BS"D Cheshvan 5762 (Oct. 01)

Concerning the Genesis Text used in our Experiments

By Doron Witzum

      Concerning the Genesis text we used in our experiments, our Statistical Science paper [1] stated the following:
"We used the standard, generally accepted text of Genesis known as the Textus Receptus. One widely available edition is that of the Koren Publishing Company in Jerusalem. The Koren text is precisely the same as that used by us." (Pg. 436)
In another article [2] in BDD, Journal of Torah and Scholarship, we added:
"The text we used, is the text of Genesis printed by Koren Publishing Company. Contrary to the impression created by the opponents to our research, we didn't choose arbitrarily one of many available texts of Genesis. We took the obvious course of using that text considered as kasher (valid) in almost all Jewish communities (excluding Yemenite Jews). Incidentally, the Yemenite version of Genesis differs only in three places, all at the beginning – so that no significant difference may be expected, even if the experiment is conducted on that version. In fact, I recently conducted the randomization test, exactly as it was done in [1], using the Yemenite text, and it turned out that the P4 statistic, which was the best in the original experiment, achieved a ranking of 4 out of one million permutations, the precise ranking of the original text" (pg. 66).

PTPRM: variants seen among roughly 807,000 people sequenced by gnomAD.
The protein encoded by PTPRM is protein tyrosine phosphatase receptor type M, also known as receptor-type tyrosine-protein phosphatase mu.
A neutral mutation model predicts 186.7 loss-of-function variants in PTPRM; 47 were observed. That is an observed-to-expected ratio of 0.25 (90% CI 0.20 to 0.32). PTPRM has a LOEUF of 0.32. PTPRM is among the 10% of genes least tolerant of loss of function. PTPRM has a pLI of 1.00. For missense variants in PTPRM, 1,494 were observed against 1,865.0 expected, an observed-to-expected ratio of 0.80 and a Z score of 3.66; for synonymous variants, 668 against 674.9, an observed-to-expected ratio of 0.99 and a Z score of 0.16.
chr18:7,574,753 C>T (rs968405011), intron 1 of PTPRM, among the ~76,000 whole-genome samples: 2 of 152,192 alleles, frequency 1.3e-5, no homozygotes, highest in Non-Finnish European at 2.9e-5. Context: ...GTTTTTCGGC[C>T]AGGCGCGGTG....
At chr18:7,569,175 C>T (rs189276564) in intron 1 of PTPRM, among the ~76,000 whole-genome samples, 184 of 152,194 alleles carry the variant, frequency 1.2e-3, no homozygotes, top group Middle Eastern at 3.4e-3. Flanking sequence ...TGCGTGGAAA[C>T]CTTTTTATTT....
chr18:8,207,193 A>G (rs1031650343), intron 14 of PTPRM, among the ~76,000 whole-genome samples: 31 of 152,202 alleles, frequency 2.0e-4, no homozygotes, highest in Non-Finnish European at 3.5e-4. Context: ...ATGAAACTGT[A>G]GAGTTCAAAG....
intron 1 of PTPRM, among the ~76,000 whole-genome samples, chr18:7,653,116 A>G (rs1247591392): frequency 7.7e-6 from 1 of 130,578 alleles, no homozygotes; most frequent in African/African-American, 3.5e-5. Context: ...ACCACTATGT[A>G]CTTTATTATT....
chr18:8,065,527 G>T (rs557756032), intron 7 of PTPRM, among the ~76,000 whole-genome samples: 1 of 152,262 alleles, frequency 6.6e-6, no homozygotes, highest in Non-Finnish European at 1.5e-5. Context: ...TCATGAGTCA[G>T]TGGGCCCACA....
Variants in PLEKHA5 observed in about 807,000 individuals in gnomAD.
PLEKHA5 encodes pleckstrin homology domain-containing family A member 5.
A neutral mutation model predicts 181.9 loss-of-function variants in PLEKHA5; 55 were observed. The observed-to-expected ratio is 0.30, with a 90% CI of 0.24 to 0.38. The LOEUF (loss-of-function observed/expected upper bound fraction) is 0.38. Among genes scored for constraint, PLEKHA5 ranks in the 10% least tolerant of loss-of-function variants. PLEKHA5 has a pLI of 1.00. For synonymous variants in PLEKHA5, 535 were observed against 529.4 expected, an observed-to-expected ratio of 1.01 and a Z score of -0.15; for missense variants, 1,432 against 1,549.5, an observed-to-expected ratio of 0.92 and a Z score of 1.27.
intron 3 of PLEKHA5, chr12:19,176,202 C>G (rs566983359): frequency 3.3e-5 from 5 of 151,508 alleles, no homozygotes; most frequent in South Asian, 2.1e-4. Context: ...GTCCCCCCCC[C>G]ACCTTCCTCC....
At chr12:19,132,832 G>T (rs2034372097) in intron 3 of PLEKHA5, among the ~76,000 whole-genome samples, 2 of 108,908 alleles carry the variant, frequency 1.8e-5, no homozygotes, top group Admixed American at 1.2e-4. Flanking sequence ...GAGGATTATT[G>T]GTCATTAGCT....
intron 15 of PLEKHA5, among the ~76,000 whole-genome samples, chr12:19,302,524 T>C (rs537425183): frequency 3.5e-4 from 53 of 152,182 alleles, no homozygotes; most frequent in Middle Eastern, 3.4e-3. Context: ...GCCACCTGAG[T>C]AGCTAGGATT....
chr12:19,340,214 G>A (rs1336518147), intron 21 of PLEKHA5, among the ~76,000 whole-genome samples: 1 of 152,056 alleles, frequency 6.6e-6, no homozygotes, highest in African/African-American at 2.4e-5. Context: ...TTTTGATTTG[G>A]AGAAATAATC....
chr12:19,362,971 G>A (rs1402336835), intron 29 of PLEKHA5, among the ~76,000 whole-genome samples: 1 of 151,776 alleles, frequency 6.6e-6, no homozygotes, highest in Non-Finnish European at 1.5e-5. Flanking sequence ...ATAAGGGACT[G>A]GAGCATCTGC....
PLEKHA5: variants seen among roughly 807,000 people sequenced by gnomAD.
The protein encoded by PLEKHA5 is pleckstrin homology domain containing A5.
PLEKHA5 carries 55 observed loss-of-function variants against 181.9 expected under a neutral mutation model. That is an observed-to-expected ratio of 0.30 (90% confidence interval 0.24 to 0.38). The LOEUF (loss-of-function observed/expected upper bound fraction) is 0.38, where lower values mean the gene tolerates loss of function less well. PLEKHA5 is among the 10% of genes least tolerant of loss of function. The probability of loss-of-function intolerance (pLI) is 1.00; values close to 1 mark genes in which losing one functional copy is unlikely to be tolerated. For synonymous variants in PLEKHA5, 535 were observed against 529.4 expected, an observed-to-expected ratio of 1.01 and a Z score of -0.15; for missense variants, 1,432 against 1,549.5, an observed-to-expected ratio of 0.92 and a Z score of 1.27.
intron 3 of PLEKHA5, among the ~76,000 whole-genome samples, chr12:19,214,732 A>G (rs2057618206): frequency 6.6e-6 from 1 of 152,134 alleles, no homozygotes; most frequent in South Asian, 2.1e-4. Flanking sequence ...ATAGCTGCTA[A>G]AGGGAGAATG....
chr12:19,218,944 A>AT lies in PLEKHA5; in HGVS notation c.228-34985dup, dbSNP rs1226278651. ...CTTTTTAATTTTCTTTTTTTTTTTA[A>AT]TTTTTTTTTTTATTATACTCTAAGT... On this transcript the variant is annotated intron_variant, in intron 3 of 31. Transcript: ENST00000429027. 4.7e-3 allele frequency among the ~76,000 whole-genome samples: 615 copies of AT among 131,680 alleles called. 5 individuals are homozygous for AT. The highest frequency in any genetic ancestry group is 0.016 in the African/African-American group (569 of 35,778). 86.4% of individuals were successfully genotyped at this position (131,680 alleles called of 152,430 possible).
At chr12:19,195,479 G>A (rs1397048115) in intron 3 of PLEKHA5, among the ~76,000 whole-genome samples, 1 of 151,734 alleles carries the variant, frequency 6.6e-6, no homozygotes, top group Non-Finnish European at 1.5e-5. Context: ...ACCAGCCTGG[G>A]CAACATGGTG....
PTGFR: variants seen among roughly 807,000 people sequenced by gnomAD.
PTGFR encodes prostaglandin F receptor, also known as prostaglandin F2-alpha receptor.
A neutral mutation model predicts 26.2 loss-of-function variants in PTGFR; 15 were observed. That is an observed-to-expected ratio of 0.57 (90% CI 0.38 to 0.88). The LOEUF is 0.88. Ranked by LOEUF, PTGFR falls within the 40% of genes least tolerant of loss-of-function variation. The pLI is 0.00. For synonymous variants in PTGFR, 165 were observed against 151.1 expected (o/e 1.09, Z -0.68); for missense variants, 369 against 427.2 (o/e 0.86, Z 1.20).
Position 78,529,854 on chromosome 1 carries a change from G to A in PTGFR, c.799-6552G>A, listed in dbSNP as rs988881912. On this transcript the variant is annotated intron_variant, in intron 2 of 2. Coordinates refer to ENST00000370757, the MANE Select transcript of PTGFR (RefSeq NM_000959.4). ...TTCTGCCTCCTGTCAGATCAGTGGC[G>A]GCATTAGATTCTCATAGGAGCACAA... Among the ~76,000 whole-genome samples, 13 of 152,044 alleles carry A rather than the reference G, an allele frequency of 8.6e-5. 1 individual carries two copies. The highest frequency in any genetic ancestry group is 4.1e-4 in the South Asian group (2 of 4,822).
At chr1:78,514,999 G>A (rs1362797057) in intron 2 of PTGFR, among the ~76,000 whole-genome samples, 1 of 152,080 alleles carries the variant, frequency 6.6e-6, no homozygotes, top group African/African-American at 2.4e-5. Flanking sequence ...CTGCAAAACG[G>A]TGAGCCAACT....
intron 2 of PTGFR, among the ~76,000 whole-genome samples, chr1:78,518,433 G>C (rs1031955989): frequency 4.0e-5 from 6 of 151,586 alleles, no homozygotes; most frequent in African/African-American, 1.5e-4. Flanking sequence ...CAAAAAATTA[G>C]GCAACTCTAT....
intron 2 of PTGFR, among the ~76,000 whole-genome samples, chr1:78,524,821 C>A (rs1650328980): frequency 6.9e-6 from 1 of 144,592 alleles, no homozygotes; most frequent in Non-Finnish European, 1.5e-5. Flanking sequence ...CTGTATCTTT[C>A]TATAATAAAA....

In other words, the experimental constraints of the original experiment in [1] yield the same results for the Yemenite text. Afterwards, we ran the experiment with a far larger number of permutations (200 times more) and the significance for the Yemenite text was about 3 times worse. This is still a very remarkable significance.
In summation, all the texts accepted as kasher (valid) throughout the Jewish world today, yield a very remarkable significance.

The "Textual Argument"

Some of the Torah Codes opponents base their main objection on the following a priori argument. They assume that:
  1. If there is a code in Genesis it will be found only in the original text given at Sinai.
  2. The Torah text considered kasher today, is not identical with that given at Sinai (at least not the spelling). According to them, our text contains many spelling errors which should suffice to destroy any code that existed in the original Genesis text.

    Then they claim that assumptions a and b lead to an inevitable conclusion:
  3. No code could possibly be found in the Genesis text accepted as kasher by the Jews today.

We will call this argument the "textual argument." Cohen [3] is its outstanding propagandist. MBBK (McKay, Bar–Natan, Bar–Hillel and Kalai) also ascribe great significance to this argument, and devote an entire section to it (Sec. 11) in their Statistical Science paper [4].

Refuting the "Textual Argument"

The "textual argument" is a classical case of foolishness masquerading as science. Someone, it seems, forgot they we are discussing a system of codes that include information about the future, created by He who knows future events in advance.